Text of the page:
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Results of a recent clinical study provide promising evidence of the value of ultra-widefield fundus autofluorescence (FAF) imaging in the evaluation of age-related macular degernation (AMD)
Results of a recent clinical study provide promising evidence of the value of ultra-widefield fundus autofluorescence (FAF) imaging in the evaluation of age-related macular degeneration (AMD), according to lead investigator Dr SriniVas Sadda, MD, who presented the findings of the study at the annual meeting of the American Society of Retina Specialists.
In a study using FAF imaging technology (200Tx [formerly the P200MAAF multi-wavelength scanning laser ophthalmoscope], Optos), peripheral FAF abnormalities were found in 77% of eyes in the series, especially in those with retinal degenerations, inflammation, and AMD.
Using the images, 174 eyes showed peripheral changes outside the central pole area of the retina, the area viewed using standard narrow-field, 30° field of view imaging technology. The findings demonstrated that peripheral FAF abnormalities often correlate with areas of retinal pigment epithelium disturbance. Also, when correlation occurs, the abnormalities often appear more striking on FAF imaging than on the pseudocolor images due to better contrast, according to Dr Sadda, associate Professor of Ophthalmology and director at the Medical Retina Unit, Ophthalmic Imaging Unit, and the Doheny Image Reading Center at the Doheny Eye Institute, University of Southern California, Los Angeles.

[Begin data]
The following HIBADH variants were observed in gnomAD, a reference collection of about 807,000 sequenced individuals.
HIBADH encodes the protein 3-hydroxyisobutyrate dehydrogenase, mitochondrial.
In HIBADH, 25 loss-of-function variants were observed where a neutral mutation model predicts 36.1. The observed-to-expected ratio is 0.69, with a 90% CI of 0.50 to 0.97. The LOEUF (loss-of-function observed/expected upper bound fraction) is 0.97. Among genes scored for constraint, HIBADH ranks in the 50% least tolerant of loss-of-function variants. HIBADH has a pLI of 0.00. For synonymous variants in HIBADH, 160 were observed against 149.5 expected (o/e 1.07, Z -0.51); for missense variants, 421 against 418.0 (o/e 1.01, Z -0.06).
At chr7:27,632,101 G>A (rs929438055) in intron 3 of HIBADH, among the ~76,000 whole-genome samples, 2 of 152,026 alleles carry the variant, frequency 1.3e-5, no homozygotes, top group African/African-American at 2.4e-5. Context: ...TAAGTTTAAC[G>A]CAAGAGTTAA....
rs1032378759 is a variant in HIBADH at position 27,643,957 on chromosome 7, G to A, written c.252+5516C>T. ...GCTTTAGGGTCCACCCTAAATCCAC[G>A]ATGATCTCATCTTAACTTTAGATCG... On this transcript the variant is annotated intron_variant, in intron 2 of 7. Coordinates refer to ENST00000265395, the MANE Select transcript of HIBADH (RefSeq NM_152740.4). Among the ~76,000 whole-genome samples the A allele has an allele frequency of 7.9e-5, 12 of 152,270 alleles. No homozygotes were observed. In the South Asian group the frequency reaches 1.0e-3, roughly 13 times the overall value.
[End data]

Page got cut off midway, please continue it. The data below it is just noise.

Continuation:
"The significance of these findings still needs to be defined and requires further study," Dr Sadda said. "However, the evaluation of peripheral FAF abnormalities may aid in diagnosis and provide new insights into disease pathogenesis. This study follows the recently published results from the Reykjavik/Moorfields study and adds to the growing body of evidence of the importance of studying the periphery of the retina in the diagnosis and management of AMD."
The retrospective analysis reviewed the records of all patients referred to the Doheny Eye Institute imaging unit for FAF imaging who had widefield images (200CAF or 200Tx, Optos) obtained over a 6-month period. The research team collected widefield and non-widefield FAF images obtained at the same visit as well as demographic data, including disease diagnosis.
All widefield images were evaluated for the presence of FAF abnormalities, defined as increased or decreased, beyond the central 30°. The frequency of abnormalities was computed and FAF abnormalities within disease categories were scrutinized for characteristic patterns.
The analysis included 225 eyes of 122 patients with ultra-widefield imaging. In all, 174 eyes (77%) had abnormal peripheral FAF studies. This included 100% of the eyes with a diagnosis of ocular tumors (n = 6) or retinal degenerations (n = 31) and 90% of those with inflammatory or infectious retinal diseases diagnosed (n = 54). The analysis also revealed that 76% of eyes with AMD (n = 34) and 63% of those with miscellaneous eye diseases (n = 45) had abnormal peripheral FAF imaging, as did 36% (n = 4) of the eyes with central serous chorioretinopathy.